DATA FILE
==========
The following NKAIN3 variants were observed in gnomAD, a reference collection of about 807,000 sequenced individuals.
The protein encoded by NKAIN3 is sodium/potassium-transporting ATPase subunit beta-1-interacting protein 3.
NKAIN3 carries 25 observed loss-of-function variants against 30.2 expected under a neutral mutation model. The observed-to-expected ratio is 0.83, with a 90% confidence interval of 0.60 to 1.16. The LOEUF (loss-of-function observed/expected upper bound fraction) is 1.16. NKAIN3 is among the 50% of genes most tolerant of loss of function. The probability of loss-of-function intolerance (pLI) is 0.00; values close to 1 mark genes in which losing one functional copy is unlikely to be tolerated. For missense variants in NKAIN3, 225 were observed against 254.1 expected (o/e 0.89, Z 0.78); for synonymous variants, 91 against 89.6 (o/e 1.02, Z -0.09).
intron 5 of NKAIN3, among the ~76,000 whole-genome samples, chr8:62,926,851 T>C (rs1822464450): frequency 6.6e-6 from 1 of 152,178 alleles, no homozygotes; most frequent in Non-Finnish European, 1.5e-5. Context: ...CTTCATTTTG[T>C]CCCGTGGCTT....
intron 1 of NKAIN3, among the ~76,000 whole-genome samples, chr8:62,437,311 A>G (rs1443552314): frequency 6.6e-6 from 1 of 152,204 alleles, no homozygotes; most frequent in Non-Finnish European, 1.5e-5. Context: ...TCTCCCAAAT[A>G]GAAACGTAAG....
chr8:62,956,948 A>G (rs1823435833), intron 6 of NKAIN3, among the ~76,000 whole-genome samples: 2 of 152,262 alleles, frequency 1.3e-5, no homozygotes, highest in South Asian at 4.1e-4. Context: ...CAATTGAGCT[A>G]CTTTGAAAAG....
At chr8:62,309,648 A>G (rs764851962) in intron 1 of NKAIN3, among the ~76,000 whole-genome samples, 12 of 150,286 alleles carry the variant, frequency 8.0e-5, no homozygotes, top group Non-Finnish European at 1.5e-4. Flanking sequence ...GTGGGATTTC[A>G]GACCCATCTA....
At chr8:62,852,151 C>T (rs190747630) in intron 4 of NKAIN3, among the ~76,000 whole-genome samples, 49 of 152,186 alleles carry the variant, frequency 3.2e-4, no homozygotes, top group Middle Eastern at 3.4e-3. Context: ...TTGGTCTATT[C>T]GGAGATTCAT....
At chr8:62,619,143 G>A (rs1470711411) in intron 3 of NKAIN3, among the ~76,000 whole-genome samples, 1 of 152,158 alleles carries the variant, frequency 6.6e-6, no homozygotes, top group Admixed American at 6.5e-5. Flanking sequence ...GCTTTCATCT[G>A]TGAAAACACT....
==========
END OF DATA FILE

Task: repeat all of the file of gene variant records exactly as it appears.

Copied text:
The following NKAIN3 variants were observed in gnomAD, a reference collection of about 807,000 sequenced individuals.
The protein encoded by NKAIN3 is sodium/potassium-transporting ATPase subunit beta-1-interacting protein 3.
NKAIN3 carries 25 observed loss-of-function variants against 30.2 expected under a neutral mutation model. The observed-to-expected ratio is 0.83, with a 90% confidence interval of 0.60 to 1.16. The LOEUF (loss-of-function observed/expected upper bound fraction) is 1.16. NKAIN3 is among the 50% of genes most tolerant of loss of function. The probability of loss-of-function intolerance (pLI) is 0.00; values close to 1 mark genes in which losing one functional copy is unlikely to be tolerated. For missense variants in NKAIN3, 225 were observed against 254.1 expected (o/e 0.89, Z 0.78); for synonymous variants, 91 against 89.6 (o/e 1.02, Z -0.09).
intron 5 of NKAIN3, among the ~76,000 whole-genome samples, chr8:62,926,851 T>C (rs1822464450): frequency 6.6e-6 from 1 of 152,178 alleles, no homozygotes; most frequent in Non-Finnish European, 1.5e-5. Context: ...CTTCATTTTG[T>C]CCCGTGGCTT....
intron 1 of NKAIN3, among the ~76,000 whole-genome samples, chr8:62,437,311 A>G (rs1443552314): frequency 6.6e-6 from 1 of 152,204 alleles, no homozygotes; most frequent in Non-Finnish European, 1.5e-5. Context: ...TCTCCCAAAT[A>G]GAAACGTAAG....
chr8:62,956,948 A>G (rs1823435833), intron 6 of NKAIN3, among the ~76,000 whole-genome samples: 2 of 152,262 alleles, frequency 1.3e-5, no homozygotes, highest in South Asian at 4.1e-4. Context: ...CAATTGAGCT[A>G]CTTTGAAAAG....
At chr8:62,309,648 A>G (rs764851962) in intron 1 of NKAIN3, among the ~76,000 whole-genome samples, 12 of 150,286 alleles carry the variant, frequency 8.0e-5, no homozygotes, top group Non-Finnish European at 1.5e-4. Flanking sequence ...GTGGGATTTC[A>G]GACCCATCTA....
At chr8:62,852,151 C>T (rs190747630) in intron 4 of NKAIN3, among the ~76,000 whole-genome samples, 49 of 152,186 alleles carry the variant, frequency 3.2e-4, no homozygotes, top group Middle Eastern at 3.4e-3. Context: ...TTGGTCTATT[C>T]GGAGATTCAT....
At chr8:62,619,143 G>A (rs1470711411) in intron 3 of NKAIN3, among the ~76,000 whole-genome samples, 1 of 152,158 alleles carries the variant, frequency 6.6e-6, no homozygotes, top group Admixed American at 6.5e-5. Flanking sequence ...GCTTTCATCT[G>A]TGAAAACACT....